Nearly 2,000 Americans died in combat in Afghanistan. Thirty eight Australians lost their lives. This was America’s longest war, longer than both world wars, longer than Vietnam, longer than Iraq, at a cost of trillions of dollars.

Quilty picks out moments when it should have been clear the Afghan war was a losing proposition. One of these was in 2009 when US President Barack Obama announced a surge of troops and in the same speech revealed when the military offensive would end.

He quotes David Kilcullen, the Australian counter-insurgency expert, as saying:

We basically told the Taliban exactly how long they needed to wait until we’d be gone.

‘Low frequency disquiet’

Early in his book, Quilty uses an expression familiar to correspondents in war zones. He speaks of

low frequency disquiet that distinguishes a city that while not at war per se, hosts regular, isolated acts of war.

This had been his experience over nine years as resident of a city that had experienced “low frequency disquiet’’ punctuated by random acts of violent terrorism since the US and its NATO allies had put the Taliban to flight in 2001.

The Americans and their friends then found themselves enmeshed in an unwinnable war in a country that had defied efforts to pacify it over centuries. Afghanistan’s history might’ve been better understood.

Read more: How Joe Biden failed the people of Afghanistan — and tarnished US credibility around the world

In his efforts to explain why it all went wrong, Quilty spends quite a lot of his book inside the presidential palace among advisers to the President Ashraf Ghani whose fate it was to be in power when the Taliban were at Kabul’s gates last August.

Staffers like Hamed Safi, media adviser to the president, provide an insider’s perspective on the last days of the doomed Ghani regime, and all the moral dilemmas that attach themselves to participants in the dying moments of a failed enterprise.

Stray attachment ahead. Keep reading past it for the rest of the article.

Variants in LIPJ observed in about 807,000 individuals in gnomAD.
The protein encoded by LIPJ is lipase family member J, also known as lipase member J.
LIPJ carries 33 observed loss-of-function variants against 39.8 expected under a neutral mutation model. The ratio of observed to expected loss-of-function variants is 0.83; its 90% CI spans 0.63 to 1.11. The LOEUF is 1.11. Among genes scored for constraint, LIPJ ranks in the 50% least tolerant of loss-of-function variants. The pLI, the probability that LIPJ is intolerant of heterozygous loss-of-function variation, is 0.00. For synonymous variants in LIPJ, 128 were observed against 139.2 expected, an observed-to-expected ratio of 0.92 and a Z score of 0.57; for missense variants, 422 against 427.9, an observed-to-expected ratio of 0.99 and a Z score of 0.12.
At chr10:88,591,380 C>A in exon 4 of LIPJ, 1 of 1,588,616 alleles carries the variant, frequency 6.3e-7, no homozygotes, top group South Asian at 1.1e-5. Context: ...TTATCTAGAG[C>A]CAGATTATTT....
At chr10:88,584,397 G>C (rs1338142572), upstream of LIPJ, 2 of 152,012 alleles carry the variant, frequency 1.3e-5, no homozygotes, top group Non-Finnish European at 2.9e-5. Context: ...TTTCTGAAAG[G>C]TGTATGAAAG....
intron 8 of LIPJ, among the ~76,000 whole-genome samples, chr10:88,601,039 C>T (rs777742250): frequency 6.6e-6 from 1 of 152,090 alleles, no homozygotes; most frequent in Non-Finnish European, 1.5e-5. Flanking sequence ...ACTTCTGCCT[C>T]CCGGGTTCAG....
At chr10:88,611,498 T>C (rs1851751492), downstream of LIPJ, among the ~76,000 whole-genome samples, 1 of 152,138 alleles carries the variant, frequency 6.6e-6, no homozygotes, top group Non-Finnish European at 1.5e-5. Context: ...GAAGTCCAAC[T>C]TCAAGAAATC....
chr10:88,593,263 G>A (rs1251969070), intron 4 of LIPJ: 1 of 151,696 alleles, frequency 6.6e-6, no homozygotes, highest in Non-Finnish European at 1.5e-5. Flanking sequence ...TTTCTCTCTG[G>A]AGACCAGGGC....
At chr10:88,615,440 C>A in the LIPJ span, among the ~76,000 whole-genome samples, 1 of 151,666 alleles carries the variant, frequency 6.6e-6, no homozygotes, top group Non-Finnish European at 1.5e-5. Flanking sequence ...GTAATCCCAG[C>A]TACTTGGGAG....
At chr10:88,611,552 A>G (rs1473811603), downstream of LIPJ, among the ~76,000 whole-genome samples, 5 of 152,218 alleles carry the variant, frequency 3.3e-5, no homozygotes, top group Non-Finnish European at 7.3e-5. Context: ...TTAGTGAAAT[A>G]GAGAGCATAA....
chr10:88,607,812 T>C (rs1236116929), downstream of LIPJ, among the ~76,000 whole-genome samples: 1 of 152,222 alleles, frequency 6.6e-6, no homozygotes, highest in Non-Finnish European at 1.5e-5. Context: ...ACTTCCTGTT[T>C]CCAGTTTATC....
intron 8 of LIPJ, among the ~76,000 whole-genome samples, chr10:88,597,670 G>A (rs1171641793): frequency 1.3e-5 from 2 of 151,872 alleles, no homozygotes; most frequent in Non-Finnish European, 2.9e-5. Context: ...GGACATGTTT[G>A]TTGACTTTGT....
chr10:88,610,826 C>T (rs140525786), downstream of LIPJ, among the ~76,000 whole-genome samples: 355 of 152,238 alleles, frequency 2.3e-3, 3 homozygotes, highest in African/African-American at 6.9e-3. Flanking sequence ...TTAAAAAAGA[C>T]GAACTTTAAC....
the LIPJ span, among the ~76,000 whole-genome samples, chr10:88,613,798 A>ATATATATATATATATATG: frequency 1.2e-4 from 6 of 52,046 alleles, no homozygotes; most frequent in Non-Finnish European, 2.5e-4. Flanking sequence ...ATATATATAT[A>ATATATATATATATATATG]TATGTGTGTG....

Do I run, or do I stay? How do I ensure the safety of my family? Will our armed forces be able to hold out against the Taliban, even for a few days?

The answer to the last question came emphatically on August 15 when a few shots in the air in the vicinity of the presidential palace and the ministries sowed panic. Police were removing their uniforms. They were abandoning security posts at the airport. Looting had begun.

The Taliban were claiming victory.

In a cameo that reveals the extent to which President Ghani was detached from the reality of the disaster happening around him, his youthful national security advisor, Mohib Hamdullah went to Ghani’s residence to tell him to leave the country.

"Mr President, it’s time to leave,” Hamdullah told Ghani who was preparing for a meeting at the Ministry of Defence.

The game was up.

In three helicopters, Ghani fled to nearby Uzbekistan. He was president no longer. Afghanistan had fallen to the Taliban in days.

Ashraf Ghani would become a footnote in history.

Meanwhile, Nadia Amini had taken refuge in the safe house provided by an aid worker for women at risk from the Taliban. She helped out, and when she left the house she carried a razor blade.

“The next time that I am captured by the Taliban, I can defend myself. Kill myself,’’ she told Quilty.

These are raw moments.

On 6 April, 2022, Nadia secured a safe passage out of Afghanistan.

Andrew Quilty might yet tell us what happened to her.

This article is republished from The Conversation is the world's leading publisher of research-based news and analysis. A unique collaboration between academics and journalists. It was written by: Tony Walker, La Trobe University.

Read more:

Tony Walker does not work for, consult, own shares in or receive funding from any company or organisation that would benefit from this article, and has disclosed no relevant affiliations beyond their academic appointment.